A Palestinian Breakfast in Israel
Falafel and Labne in Jaljuliya
Food tends to taste better in times of trouble. Maybe you appreciate it more. Perhaps scarcity is a factor, though that certainly was not the case in Israel last summer. As a fan of Mediterranean cuisine, I could not have been in a better place. Despite haphazard rocket attacks, not 60 miles to the south in Gaza it was a whole different story, so I considered myself lucky.
Marrying a Palestinian means acquiring an intricate network of cousins, aunts, uncles, brothers, sisters, nephews, nieces, parents, and close friends, who are also considered family. Since they don’t have a country to call their own, you find members of this extended clan scattered around the globe. Very few of my wife’s father’s family had remained behind in the motherland, but amid the latest melee in the Israeli-Palestinian conflict, we went to see them in the small town of Jaljuliya, just outside Tel Aviv.
We crossed into Israel from Jordan on the first day of a shaky cease-fire. Despite the tense atmosphere, my wife’s oldest cousin, Mustafa, and his wife, who had insisted that we come, greeted us at the border after waiting for hours in the hot sun. Israeli authorities had detained us for no other reason than my wife’s maiden name. Mustafa took us back to their immense home, in which all of their sons, daughters-in-law, and grandchildren lived. While we could have stayed anywhere in that huge building, he insisted that we sleep in his room.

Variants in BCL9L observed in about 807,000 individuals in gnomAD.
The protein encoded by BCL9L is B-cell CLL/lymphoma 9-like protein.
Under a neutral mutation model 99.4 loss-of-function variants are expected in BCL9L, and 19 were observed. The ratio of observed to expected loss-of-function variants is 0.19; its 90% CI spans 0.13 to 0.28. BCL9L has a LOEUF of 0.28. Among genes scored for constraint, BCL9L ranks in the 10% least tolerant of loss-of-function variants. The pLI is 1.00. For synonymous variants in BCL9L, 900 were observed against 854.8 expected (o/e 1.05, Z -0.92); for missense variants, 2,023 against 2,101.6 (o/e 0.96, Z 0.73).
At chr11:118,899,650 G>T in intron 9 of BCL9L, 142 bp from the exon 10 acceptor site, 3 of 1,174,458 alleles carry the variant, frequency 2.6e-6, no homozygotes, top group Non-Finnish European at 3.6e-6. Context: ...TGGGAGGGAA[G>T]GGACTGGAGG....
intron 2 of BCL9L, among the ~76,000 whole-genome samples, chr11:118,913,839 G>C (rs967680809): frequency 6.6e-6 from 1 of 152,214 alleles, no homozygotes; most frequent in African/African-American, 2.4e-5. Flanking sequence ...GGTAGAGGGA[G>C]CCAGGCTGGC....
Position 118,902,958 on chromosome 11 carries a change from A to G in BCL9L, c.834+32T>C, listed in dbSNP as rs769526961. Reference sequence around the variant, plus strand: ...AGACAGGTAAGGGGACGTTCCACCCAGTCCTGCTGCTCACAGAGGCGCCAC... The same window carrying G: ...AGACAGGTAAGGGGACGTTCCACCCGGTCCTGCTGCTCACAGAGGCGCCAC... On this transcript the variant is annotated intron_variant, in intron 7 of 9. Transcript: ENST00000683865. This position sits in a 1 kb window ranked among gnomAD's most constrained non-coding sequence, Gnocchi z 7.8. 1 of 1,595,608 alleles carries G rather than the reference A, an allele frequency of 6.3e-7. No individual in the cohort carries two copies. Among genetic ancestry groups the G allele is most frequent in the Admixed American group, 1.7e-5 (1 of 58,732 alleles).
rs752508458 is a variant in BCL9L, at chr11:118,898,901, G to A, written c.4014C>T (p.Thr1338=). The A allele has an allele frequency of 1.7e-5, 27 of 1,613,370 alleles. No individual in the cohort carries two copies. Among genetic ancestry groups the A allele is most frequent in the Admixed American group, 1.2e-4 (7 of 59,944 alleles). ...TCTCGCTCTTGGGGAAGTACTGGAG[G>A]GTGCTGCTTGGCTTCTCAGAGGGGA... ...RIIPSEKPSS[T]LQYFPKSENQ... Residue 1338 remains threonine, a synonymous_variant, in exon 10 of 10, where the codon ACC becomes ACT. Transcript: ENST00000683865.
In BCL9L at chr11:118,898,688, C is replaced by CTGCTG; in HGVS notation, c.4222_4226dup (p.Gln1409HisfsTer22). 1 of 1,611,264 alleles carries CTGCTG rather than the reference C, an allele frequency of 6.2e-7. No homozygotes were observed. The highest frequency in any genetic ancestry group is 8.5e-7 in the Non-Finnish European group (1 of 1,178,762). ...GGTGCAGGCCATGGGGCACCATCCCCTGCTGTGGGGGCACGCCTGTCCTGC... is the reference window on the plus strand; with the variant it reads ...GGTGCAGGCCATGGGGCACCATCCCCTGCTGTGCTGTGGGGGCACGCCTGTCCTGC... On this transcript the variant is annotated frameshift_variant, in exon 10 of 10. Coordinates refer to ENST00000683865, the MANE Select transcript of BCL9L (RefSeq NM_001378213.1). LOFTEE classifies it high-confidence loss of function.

Arab hospitality knows no bounds, and the family went out of their way to make us feel not only comfortable, but also special. We arose the next morning to the smell of fresh pita baking. In fact, every morning, the women in the family would get up early and make falafel and hummus from scratch as well.
They supplemented the meal with other foods a Westerner would not expect to eat first thing in the morning: local olives, pickled vegetables, and a cucumber-tomato salad. I liked the tart taste of the labne, a type of creamy yogurt, though several types of farmer’s cheese proved too salty and pungent for my palate. Everyone dipped their pita in olive oil before covering it in zaatar, a blend of dried thyme, sesame seeds, and sumac, a powdered, tangy berry. The most familiar item on the table was the hard-boiled eggs, sprinkled with a little hot paprika. To wash it down we had tea spiked with fresh mint leaves, though this family also loved their shots of Nespresso. I would never have imagined that such humble food could provide the basis for such a feast.
To enjoy a full spread on the table with the whole family gathered round in the middle of a raging conflict was an obvious blessing. Though displaced from their ancestral lands, and suffering under a lifetime of uncertainty, my wife’s people here had mastered the art of living in the moment and appreciating what they had. They ate as if this was their last meal, elevating a daily ritual into something more like worship.